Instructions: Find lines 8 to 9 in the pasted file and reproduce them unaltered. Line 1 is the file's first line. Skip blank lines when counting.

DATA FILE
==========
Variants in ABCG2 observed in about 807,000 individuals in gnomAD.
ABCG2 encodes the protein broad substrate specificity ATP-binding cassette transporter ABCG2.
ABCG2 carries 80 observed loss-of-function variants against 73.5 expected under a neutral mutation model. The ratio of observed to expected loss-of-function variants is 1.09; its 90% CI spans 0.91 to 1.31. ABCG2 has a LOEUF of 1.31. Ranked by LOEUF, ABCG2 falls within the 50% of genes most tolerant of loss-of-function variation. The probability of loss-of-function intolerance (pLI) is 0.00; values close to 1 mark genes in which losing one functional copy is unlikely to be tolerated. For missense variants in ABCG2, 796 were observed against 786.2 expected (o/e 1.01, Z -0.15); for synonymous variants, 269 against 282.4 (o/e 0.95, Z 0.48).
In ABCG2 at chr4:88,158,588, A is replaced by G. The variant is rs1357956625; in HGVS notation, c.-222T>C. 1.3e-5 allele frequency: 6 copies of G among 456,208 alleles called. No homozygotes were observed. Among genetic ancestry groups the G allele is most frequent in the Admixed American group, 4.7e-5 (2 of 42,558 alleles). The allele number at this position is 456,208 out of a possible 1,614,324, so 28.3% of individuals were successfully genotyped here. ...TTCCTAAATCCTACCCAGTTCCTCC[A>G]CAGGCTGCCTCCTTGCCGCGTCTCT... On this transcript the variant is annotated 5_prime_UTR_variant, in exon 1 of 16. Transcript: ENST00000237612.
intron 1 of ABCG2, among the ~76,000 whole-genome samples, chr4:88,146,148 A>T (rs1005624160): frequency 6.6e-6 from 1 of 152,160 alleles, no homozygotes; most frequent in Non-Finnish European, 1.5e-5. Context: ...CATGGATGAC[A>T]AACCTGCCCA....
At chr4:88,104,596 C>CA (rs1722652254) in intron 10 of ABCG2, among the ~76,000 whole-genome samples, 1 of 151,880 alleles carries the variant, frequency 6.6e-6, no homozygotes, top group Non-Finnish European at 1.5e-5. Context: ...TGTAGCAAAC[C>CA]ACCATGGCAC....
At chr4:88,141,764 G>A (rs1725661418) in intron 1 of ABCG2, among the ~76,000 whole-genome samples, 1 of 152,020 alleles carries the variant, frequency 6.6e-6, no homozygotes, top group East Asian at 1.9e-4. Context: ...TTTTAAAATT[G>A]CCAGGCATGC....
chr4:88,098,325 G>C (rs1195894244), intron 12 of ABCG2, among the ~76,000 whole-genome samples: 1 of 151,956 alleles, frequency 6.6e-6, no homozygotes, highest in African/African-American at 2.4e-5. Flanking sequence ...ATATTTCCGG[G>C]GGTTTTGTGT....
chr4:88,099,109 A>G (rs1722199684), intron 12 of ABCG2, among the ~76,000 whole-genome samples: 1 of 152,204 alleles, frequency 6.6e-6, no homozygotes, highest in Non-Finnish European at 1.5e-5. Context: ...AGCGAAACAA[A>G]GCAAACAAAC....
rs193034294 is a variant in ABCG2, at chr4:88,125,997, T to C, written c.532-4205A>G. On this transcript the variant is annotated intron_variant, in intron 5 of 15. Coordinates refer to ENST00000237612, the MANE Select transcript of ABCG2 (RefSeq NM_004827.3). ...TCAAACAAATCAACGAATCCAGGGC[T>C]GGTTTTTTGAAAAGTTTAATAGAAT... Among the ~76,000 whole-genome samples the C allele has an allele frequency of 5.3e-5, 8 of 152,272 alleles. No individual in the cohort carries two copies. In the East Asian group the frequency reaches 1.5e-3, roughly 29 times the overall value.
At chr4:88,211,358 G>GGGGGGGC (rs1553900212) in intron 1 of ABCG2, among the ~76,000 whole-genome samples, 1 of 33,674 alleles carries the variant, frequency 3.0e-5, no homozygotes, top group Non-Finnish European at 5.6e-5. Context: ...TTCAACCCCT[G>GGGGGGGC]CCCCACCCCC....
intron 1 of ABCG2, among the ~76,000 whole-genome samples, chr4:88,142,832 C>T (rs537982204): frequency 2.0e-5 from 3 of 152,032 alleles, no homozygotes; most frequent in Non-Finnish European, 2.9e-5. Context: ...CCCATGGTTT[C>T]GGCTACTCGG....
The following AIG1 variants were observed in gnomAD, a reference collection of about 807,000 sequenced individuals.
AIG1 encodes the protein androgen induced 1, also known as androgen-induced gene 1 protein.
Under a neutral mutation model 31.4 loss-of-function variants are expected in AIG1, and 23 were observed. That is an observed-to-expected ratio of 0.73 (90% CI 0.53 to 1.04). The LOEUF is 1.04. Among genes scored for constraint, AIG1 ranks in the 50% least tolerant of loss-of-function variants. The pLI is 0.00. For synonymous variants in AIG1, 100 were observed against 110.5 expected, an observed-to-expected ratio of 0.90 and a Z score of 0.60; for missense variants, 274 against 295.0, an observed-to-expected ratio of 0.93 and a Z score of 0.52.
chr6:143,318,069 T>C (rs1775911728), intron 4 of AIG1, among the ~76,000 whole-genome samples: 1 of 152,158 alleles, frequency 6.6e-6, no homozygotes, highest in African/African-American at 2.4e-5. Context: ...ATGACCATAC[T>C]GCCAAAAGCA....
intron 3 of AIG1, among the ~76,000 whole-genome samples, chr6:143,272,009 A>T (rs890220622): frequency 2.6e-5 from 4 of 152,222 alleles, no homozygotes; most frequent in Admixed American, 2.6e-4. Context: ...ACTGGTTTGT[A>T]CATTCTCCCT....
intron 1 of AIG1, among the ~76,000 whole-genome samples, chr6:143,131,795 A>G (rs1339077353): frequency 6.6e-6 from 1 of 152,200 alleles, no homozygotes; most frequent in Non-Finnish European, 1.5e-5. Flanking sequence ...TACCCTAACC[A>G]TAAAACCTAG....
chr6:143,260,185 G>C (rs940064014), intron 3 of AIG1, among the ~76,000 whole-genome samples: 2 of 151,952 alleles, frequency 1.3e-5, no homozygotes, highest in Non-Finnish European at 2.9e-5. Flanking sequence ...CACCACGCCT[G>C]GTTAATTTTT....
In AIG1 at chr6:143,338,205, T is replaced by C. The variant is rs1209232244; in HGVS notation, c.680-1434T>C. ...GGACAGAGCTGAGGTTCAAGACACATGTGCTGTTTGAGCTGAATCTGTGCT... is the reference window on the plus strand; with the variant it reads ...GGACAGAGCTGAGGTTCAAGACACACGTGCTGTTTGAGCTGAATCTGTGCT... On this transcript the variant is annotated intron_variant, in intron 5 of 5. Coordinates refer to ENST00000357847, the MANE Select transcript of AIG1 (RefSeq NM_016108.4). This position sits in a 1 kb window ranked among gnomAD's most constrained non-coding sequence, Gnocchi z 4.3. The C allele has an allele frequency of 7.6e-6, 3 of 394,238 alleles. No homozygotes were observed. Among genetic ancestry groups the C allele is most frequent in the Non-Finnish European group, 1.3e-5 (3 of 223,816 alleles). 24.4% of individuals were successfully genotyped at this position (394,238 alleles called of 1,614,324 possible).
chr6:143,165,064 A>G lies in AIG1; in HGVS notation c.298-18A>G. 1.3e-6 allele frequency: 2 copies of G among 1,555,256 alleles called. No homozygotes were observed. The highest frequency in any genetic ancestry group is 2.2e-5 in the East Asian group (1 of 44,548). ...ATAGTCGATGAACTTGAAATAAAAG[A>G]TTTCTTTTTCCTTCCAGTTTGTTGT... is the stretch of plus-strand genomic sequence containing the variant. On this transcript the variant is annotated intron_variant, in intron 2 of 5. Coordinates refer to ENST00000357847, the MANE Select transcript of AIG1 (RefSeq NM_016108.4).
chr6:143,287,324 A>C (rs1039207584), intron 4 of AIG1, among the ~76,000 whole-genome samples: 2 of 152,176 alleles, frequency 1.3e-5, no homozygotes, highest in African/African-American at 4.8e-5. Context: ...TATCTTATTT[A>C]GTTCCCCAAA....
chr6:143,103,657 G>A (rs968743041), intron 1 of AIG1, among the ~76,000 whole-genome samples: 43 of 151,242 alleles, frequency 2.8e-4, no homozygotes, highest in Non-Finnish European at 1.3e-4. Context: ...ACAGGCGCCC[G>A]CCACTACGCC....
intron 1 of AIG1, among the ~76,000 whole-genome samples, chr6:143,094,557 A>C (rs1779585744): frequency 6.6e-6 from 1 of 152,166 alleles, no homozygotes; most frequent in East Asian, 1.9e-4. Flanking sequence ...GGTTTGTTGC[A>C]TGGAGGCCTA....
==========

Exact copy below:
chr4:88,098,325 G>C (rs1195894244), intron 12 of ABCG2, among the ~76,000 whole-genome samples: 1 of 151,956 alleles, frequency 6.6e-6, no homozygotes, highest in African/African-American at 2.4e-5. Flanking sequence ...ATATTTCCGG[G>C]GGTTTTGTGT....
chr4:88,099,109 A>G (rs1722199684), intron 12 of ABCG2, among the ~76,000 whole-genome samples: 1 of 152,204 alleles, frequency 6.6e-6, no homozygotes, highest in Non-Finnish European at 1.5e-5. Context: ...AGCGAAACAA[A>G]GCAAACAAAC....